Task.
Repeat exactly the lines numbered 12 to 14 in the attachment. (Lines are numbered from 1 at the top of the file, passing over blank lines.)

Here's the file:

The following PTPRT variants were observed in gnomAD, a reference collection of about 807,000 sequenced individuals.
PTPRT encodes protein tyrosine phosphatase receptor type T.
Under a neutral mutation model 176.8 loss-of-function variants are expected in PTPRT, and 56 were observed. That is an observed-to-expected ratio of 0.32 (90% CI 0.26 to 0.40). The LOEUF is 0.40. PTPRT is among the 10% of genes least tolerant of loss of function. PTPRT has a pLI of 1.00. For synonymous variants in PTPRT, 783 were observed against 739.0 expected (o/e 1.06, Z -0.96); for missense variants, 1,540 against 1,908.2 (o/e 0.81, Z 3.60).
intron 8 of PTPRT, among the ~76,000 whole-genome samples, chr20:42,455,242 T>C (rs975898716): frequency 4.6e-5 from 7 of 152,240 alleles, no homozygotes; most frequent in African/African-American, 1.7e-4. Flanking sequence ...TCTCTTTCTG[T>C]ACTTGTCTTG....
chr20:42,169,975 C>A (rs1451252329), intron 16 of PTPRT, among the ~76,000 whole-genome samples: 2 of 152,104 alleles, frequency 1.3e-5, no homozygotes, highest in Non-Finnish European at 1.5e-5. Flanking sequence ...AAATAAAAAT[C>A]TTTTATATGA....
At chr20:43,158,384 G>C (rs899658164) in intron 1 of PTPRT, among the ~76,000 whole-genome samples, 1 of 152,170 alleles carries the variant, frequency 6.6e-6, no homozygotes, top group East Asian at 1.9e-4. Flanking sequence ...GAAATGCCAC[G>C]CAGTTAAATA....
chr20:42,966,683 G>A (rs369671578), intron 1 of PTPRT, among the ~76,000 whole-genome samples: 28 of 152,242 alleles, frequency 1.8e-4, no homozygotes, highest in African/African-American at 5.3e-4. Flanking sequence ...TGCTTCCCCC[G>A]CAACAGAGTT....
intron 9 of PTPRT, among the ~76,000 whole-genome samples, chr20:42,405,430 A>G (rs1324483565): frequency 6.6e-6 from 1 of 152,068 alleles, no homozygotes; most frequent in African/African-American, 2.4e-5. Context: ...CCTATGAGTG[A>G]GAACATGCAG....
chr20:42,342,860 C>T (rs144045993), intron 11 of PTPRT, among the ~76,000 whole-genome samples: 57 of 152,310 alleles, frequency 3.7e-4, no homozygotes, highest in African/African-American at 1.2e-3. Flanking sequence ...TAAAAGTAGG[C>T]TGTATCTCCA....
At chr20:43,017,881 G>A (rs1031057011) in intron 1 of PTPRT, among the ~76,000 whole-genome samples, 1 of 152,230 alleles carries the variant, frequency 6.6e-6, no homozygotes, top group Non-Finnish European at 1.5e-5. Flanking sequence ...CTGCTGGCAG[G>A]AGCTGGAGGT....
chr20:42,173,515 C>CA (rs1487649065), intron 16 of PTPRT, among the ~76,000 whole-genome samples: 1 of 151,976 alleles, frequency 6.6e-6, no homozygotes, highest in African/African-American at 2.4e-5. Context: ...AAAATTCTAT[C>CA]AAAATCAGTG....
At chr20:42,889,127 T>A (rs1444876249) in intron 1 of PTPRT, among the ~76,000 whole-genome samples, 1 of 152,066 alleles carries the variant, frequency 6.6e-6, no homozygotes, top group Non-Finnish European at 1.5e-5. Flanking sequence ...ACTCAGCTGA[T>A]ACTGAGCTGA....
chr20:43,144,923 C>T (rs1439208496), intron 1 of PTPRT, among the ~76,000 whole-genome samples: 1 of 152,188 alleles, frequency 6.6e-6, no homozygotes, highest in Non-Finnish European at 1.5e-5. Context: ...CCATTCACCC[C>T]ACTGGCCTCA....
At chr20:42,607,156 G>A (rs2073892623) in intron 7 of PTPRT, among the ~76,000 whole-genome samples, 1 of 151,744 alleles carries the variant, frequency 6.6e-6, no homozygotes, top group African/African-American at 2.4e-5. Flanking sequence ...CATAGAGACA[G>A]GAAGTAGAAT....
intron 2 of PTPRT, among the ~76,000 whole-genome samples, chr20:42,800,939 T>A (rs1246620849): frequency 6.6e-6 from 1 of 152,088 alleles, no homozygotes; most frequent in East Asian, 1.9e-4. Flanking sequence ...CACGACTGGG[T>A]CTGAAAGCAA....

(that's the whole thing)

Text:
At chr20:42,889,127 T>A (rs1444876249) in intron 1 of PTPRT, among the ~76,000 whole-genome samples, 1 of 152,066 alleles carries the variant, frequency 6.6e-6, no homozygotes, top group Non-Finnish European at 1.5e-5. Flanking sequence ...ACTCAGCTGA[T>A]ACTGAGCTGA....
chr20:43,144,923 C>T (rs1439208496), intron 1 of PTPRT, among the ~76,000 whole-genome samples: 1 of 152,188 alleles, frequency 6.6e-6, no homozygotes, highest in Non-Finnish European at 1.5e-5. Context: ...CCATTCACCC[C>T]ACTGGCCTCA....
At chr20:42,607,156 G>A (rs2073892623) in intron 7 of PTPRT, among the ~76,000 whole-genome samples, 1 of 151,744 alleles carries the variant, frequency 6.6e-6, no homozygotes, top group African/African-American at 2.4e-5. Flanking sequence ...CATAGAGACA[G>A]GAAGTAGAAT....